If you need to have a house, commercial building, or other structure demolished or simply removed from your property, you should first learn some common demolition terms. This can help you better understand your choices for demolition and what's involved in the entire process.
Structural dismantlement refers to the act of dismantling a building down to its structural parts. This means separating its walls, insulation, and flooring from the building's rafters, subfloor materials, concrete foundation, and the like.
Deconstruction refers to separating and sorting the materials during a demolition. Deconstruction is often done along with structural dismantlement, as these two steps make it possible to harvest materials for reselling. Deconstruction and dismantlement may take much longer than many other types of demolition, as they're meant to salvage as many construction materials as possible. When these materials are resold or reused, this is referred to as C&D or construction and demolition recycling.
Industrial recovery refers to materials that are common in industrial buildings and not residential homes, including heavy-duty wiring, metal roofs, large ventilation fans, and so on. These demolished materials are often recycled or resold, to be used in new construction or for renovation work.
An implosion refers to the use of blasting to help dismantle a building. Very few demolition projects use implosion, as this method can be unsafe and unpredictable, and the debris generated by the implosion still need to be removed from the jobsite. Implosion also damages materials that could otherwise be salvaged for reuse. Instead, demolition contractors typically use specialized equipment to manually tear down or dig up a structure, and to recover as much recyclable material as possible.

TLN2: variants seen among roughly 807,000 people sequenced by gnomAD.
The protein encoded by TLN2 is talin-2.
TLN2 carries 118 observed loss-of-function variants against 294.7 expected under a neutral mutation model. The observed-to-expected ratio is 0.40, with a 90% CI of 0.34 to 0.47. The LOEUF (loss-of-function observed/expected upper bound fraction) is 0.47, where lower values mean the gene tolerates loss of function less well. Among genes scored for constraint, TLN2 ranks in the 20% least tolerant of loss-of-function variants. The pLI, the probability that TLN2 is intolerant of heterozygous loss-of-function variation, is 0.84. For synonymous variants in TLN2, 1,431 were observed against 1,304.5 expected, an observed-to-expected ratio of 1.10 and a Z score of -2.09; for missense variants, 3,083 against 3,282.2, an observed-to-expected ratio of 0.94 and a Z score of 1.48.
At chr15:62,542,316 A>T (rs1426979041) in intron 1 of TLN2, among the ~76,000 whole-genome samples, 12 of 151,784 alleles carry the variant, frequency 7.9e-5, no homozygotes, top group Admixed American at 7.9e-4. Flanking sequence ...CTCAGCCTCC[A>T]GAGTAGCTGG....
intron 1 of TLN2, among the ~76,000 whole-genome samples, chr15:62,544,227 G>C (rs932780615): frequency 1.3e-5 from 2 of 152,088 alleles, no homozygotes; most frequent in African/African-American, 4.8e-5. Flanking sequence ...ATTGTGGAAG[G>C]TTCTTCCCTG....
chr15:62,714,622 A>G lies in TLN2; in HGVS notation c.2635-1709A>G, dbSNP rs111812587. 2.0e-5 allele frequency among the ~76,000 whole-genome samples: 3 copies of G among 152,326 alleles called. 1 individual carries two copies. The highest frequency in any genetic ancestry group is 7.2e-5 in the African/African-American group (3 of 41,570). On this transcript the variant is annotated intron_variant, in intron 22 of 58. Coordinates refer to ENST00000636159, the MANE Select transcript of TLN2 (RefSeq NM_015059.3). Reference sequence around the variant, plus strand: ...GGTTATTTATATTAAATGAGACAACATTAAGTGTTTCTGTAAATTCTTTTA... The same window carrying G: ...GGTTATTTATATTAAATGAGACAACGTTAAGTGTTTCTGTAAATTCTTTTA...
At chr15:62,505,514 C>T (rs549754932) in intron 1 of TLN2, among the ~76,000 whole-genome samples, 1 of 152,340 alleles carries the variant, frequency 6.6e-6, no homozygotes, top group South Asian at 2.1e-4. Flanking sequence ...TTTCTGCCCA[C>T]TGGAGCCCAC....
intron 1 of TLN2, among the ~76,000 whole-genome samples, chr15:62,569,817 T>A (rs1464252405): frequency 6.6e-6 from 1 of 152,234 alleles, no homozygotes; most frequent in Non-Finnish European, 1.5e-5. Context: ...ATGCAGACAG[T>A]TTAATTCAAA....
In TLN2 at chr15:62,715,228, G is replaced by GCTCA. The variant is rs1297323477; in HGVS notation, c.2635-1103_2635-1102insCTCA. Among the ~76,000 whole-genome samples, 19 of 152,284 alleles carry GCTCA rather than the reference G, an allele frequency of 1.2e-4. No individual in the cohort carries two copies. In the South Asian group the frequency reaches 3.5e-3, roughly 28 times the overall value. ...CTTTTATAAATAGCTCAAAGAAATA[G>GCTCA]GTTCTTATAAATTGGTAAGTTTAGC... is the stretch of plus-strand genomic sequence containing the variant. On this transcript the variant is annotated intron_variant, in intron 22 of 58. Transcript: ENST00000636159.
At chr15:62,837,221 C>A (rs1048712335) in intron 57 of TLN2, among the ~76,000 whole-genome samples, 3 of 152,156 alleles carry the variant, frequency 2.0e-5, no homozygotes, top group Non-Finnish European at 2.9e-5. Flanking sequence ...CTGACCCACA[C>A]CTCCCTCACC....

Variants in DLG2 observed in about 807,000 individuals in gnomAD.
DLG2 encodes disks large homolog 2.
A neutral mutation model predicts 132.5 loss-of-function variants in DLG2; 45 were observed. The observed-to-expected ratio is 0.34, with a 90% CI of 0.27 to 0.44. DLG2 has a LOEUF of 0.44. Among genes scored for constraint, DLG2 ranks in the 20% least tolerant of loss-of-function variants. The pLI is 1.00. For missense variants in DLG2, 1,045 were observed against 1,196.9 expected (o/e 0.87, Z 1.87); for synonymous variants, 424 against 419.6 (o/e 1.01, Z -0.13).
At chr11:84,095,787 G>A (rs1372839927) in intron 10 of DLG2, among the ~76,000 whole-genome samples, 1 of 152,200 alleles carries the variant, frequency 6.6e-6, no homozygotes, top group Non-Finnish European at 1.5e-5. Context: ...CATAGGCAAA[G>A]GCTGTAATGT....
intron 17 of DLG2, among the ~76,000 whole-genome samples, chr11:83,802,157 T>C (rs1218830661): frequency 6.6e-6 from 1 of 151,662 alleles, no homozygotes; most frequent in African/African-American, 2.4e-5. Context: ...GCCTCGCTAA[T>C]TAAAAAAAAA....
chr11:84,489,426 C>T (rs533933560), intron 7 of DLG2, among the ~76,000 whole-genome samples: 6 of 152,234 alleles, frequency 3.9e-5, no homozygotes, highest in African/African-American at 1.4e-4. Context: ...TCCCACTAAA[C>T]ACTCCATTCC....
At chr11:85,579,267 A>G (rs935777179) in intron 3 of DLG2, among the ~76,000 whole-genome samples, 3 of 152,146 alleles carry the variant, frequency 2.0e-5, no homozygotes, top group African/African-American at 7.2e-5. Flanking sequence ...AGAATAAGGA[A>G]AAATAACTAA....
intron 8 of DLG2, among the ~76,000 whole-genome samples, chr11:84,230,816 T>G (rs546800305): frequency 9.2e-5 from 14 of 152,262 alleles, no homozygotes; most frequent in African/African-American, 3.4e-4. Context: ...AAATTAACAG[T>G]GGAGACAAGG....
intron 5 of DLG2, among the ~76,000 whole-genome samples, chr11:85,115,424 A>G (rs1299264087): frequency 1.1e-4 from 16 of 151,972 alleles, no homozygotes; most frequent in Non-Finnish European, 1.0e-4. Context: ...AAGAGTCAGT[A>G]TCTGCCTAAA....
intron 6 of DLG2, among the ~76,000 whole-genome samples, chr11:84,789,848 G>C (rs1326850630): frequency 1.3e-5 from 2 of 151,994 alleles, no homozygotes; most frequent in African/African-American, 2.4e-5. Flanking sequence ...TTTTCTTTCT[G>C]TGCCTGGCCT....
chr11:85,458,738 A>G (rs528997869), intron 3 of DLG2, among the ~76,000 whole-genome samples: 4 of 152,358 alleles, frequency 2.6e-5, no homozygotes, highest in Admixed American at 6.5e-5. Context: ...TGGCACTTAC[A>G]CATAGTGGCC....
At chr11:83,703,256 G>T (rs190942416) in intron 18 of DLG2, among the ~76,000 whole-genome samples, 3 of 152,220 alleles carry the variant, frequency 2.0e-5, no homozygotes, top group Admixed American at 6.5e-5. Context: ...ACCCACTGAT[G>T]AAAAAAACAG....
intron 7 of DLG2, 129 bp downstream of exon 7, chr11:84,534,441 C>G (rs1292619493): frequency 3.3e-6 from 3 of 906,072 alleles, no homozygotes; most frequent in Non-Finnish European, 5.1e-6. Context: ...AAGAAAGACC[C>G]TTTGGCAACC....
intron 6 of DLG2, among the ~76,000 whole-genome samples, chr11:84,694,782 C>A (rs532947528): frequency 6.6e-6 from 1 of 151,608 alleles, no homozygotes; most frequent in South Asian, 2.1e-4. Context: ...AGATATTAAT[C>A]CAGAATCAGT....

Rigging refers to heavy-duty equipment that may be used to demolish a structure; this might include chains, pulleys, wrecking balls and the like. A demolition contractor will often need to inspect your property to note if the specialized rigging they use can easily access the structure to be demolished.
A partial demolition refers to the removal of just part of a structure. As an example, you may want to have an unwanted sunroom or addition to your home removed, or a commercial property owner may want to have a production area removed to allow for new construction or renovation. This is important to understand, as a demolition contractor doesn't need to always remove an entire structure but can work with you to tear down or pull out just certain areas of a building that you want removed.